French authorities found three kilos of explosives, several guns and an Islamic State jihadist flag in subsequent raids of an apartment in Marseille, said Paris prosecutor Francois Molins.
Several French media cite sources in the intelligence services who say the attack plot was targeting a specific presidential candidate.
Reports suggest that candidate was François Fillon, but it is believed counter-terror police acted quickly because Marine Le Pen is due to appear in Marseille on Wednesday.
This has not been confirmed by authorities.
Photos of the two men arrested on Tuesday were distributed to the security teams of candidates in the upcoming French presidential election, campaign sources told AFP.
"The photos were passed to my security service from Thursday," far-right candidate Marine Le Pen told AFP, while an aide to centrist Emmanuel Macron also confirmed receiving pictures.
Conservative Francois Fillon was warned about the danger on Friday, an aide said. He added that only Fillon's security had been reinforced, suggesting that it may have been the Republicans candidate who was the target.
An aide to FIllon also told Le Figaro newspaper that the initial tip off about the plot came from British intelligence services.
Reports claim a video made by the two men in which they declared allegiance to Isis was found and that the front page of a newspaper showing the candidate they reportedly intended to target was also found in their possession.
(Counter-terrorist police carry out searches in Marseille.)
Sources close to the investigation have told French media they were ready to act "imminently". They were arrested as part of an ongoing investigation into suspected terrorist and arms offences.
France's Minister of Interior Matthias Fekl said the pair were ready to carry out an attack on French soil "in the next couple of days."
He provided little details about the alleged plot but said: "Everything would be done to ensure security around the elections".
France has been on high alert ever since a series of attacks in 2015 and 2016 left over 230 dead in Paris and Nice. The recent attacks in London and Stockholm have only heightened worries.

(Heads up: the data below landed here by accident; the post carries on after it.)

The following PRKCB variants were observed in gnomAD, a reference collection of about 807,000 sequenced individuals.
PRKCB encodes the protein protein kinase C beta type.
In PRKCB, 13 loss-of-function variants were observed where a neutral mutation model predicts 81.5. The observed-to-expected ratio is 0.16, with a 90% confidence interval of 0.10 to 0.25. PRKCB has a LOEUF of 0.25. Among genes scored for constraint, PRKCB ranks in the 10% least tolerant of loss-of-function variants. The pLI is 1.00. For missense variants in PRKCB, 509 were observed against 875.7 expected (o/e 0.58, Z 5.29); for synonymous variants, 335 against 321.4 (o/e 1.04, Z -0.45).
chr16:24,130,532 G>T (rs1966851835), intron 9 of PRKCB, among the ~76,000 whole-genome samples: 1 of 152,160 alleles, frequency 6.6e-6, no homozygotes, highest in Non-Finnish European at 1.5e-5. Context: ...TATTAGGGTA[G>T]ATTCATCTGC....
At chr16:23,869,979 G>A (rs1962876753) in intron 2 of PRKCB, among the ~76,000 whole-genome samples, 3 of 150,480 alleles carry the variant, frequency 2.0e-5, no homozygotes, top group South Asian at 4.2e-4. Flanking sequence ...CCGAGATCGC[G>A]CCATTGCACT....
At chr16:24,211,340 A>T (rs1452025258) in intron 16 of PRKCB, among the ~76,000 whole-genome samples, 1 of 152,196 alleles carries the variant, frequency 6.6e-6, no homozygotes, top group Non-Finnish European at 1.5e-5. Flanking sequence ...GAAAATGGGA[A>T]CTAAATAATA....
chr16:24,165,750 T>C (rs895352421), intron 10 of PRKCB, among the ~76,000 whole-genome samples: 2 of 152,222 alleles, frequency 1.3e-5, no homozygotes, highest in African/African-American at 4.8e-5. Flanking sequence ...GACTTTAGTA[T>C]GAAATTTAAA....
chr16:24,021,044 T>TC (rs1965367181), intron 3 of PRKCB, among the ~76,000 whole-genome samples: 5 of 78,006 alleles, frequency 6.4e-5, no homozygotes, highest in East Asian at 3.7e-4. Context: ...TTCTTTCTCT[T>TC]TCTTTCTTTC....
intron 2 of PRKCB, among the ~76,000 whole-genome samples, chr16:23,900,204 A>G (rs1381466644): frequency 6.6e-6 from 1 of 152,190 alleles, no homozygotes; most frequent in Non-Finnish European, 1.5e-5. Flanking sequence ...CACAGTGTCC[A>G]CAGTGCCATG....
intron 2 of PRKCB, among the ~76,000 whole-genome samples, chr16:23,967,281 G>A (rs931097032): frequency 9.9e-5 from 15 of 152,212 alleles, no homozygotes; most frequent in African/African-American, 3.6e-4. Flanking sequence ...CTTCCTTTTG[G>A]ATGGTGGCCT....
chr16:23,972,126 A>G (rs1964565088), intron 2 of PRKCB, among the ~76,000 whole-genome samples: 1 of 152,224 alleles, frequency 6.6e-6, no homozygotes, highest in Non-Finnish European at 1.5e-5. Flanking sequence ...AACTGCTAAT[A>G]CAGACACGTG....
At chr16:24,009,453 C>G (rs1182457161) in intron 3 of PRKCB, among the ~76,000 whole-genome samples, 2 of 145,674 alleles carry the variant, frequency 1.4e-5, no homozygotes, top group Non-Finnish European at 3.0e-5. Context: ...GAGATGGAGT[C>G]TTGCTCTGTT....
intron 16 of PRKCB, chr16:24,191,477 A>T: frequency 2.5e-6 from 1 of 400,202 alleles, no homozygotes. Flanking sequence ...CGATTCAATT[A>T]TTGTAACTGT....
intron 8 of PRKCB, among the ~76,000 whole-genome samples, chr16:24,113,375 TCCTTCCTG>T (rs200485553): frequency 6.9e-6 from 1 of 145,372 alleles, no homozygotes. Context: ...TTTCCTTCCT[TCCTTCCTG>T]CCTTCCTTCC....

Authorities have been particularly concerned that jihadists would try to target the presidential election, the first round of which is on Sunday.
Interior Minister Matthias Fekl has announced that 50,000 officers will be mobilized across the country's 67,000 polling stations to try to prevent any terror attack or other outbreaks of violence by extremist groups.
Fekl told The Journal du Dimanche on Sunday that the threat was "high and permanent".
French police have made numerous arrests for suspected terrorist offences since the beginning of the year.
According to the Journal du Dimanche the DGSI intelligence services have warned the main candidates over "a specific threat to their security and on their campaign headquarters".
Security has been tight at campaign events with snipers and specialist anti-terror police units being deployed at a François Fillon campaign event in Montpellier and bomb disposal experts checking venues ahead of each rally.
Polls have shown that voters are more concerned about unemployment and their spending power than terrorism or security, though analysts warn this could change quickly in the event of further bloodshed.
Anti-EU, anti-immigration candidate Marine Le Pen has sought to cast herself as the best defender of France against the threat of fresh attacks.
At a campaign rally in Paris on Monday night she declared the terror attacks of Nice and Paris would not have happened if she had been in power.
Marine Le Pen's headquarters were targeted by petrol bombs earlier this month. The attack was claimed by an anti-fascist group. There were also ugly scenes with anti-fascist protesters clashing with police ahead of Le Pen's rally in Paris on Monday night.